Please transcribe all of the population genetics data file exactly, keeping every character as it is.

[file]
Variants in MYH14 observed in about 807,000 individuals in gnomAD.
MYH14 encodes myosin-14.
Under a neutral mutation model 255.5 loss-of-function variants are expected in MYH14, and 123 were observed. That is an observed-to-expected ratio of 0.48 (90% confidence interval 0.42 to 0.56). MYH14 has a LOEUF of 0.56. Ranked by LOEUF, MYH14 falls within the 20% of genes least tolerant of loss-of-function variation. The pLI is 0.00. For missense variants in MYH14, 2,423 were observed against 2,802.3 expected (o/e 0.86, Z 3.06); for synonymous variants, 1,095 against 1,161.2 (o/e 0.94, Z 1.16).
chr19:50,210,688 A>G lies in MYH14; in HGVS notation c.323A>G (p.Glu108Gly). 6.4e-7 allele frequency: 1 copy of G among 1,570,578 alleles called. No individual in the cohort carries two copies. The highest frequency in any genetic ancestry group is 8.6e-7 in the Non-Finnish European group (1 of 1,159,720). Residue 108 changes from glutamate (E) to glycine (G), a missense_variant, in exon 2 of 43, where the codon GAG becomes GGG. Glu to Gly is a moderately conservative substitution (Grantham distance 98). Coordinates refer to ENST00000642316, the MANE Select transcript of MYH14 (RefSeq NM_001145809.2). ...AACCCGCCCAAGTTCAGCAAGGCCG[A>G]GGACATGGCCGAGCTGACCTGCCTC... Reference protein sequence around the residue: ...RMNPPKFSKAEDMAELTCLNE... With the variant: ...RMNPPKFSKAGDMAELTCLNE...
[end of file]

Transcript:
Variants in MYH14 observed in about 807,000 individuals in gnomAD.
MYH14 encodes myosin-14.
Under a neutral mutation model 255.5 loss-of-function variants are expected in MYH14, and 123 were observed. That is an observed-to-expected ratio of 0.48 (90% confidence interval 0.42 to 0.56). MYH14 has a LOEUF of 0.56. Ranked by LOEUF, MYH14 falls within the 20% of genes least tolerant of loss-of-function variation. The pLI is 0.00. For missense variants in MYH14, 2,423 were observed against 2,802.3 expected (o/e 0.86, Z 3.06); for synonymous variants, 1,095 against 1,161.2 (o/e 0.94, Z 1.16).
chr19:50,210,688 A>G lies in MYH14; in HGVS notation c.323A>G (p.Glu108Gly). 6.4e-7 allele frequency: 1 copy of G among 1,570,578 alleles called. No individual in the cohort carries two copies. The highest frequency in any genetic ancestry group is 8.6e-7 in the Non-Finnish European group (1 of 1,159,720). Residue 108 changes from glutamate (E) to glycine (G), a missense_variant, in exon 2 of 43, where the codon GAG becomes GGG. Glu to Gly is a moderately conservative substitution (Grantham distance 98). Coordinates refer to ENST00000642316, the MANE Select transcript of MYH14 (RefSeq NM_001145809.2). ...AACCCGCCCAAGTTCAGCAAGGCCG[A>G]GGACATGGCCGAGCTGACCTGCCTC... Reference protein sequence around the residue: ...RMNPPKFSKAEDMAELTCLNE... With the variant: ...RMNPPKFSKAGDMAELTCLNE...